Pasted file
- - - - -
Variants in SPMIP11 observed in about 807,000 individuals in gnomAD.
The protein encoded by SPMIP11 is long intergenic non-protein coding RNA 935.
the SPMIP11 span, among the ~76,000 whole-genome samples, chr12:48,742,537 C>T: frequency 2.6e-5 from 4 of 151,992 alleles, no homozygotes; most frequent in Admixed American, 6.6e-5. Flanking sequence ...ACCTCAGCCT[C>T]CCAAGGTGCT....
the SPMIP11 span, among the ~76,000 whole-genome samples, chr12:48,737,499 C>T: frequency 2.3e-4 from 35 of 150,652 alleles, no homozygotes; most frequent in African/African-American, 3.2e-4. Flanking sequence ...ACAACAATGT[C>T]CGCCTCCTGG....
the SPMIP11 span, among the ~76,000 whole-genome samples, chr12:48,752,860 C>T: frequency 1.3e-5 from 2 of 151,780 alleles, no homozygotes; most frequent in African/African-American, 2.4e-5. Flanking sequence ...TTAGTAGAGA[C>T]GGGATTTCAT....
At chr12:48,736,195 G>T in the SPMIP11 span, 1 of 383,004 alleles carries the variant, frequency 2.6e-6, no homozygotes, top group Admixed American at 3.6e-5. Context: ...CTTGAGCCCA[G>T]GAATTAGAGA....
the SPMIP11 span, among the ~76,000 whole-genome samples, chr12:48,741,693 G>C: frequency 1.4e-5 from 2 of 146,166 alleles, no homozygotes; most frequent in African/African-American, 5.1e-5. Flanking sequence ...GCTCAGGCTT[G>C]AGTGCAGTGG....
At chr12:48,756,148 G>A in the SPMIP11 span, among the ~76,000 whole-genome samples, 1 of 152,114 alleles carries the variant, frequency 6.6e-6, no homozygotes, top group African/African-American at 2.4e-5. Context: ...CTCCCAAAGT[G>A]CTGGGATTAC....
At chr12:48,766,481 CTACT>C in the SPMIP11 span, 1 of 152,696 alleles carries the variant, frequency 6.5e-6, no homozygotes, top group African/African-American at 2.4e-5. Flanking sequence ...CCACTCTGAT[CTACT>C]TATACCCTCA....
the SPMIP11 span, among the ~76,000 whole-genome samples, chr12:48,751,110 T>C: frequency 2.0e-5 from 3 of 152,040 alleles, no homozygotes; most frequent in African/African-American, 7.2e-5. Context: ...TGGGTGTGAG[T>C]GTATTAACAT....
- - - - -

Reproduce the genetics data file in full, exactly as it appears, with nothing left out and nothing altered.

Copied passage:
Variants in SPMIP11 observed in about 807,000 individuals in gnomAD.
The protein encoded by SPMIP11 is long intergenic non-protein coding RNA 935.
the SPMIP11 span, among the ~76,000 whole-genome samples, chr12:48,742,537 C>T: frequency 2.6e-5 from 4 of 151,992 alleles, no homozygotes; most frequent in Admixed American, 6.6e-5. Flanking sequence ...ACCTCAGCCT[C>T]CCAAGGTGCT....
the SPMIP11 span, among the ~76,000 whole-genome samples, chr12:48,737,499 C>T: frequency 2.3e-4 from 35 of 150,652 alleles, no homozygotes; most frequent in African/African-American, 3.2e-4. Flanking sequence ...ACAACAATGT[C>T]CGCCTCCTGG....
the SPMIP11 span, among the ~76,000 whole-genome samples, chr12:48,752,860 C>T: frequency 1.3e-5 from 2 of 151,780 alleles, no homozygotes; most frequent in African/African-American, 2.4e-5. Flanking sequence ...TTAGTAGAGA[C>T]GGGATTTCAT....
At chr12:48,736,195 G>T in the SPMIP11 span, 1 of 383,004 alleles carries the variant, frequency 2.6e-6, no homozygotes, top group Admixed American at 3.6e-5. Context: ...CTTGAGCCCA[G>T]GAATTAGAGA....
the SPMIP11 span, among the ~76,000 whole-genome samples, chr12:48,741,693 G>C: frequency 1.4e-5 from 2 of 146,166 alleles, no homozygotes; most frequent in African/African-American, 5.1e-5. Flanking sequence ...GCTCAGGCTT[G>C]AGTGCAGTGG....
At chr12:48,756,148 G>A in the SPMIP11 span, among the ~76,000 whole-genome samples, 1 of 152,114 alleles carries the variant, frequency 6.6e-6, no homozygotes, top group African/African-American at 2.4e-5. Context: ...CTCCCAAAGT[G>A]CTGGGATTAC....
At chr12:48,766,481 CTACT>C in the SPMIP11 span, 1 of 152,696 alleles carries the variant, frequency 6.5e-6, no homozygotes, top group African/African-American at 2.4e-5. Flanking sequence ...CCACTCTGAT[CTACT>C]TATACCCTCA....
the SPMIP11 span, among the ~76,000 whole-genome samples, chr12:48,751,110 T>C: frequency 2.0e-5 from 3 of 152,040 alleles, no homozygotes; most frequent in African/African-American, 7.2e-5. Context: ...TGGGTGTGAG[T>C]GTATTAACAT....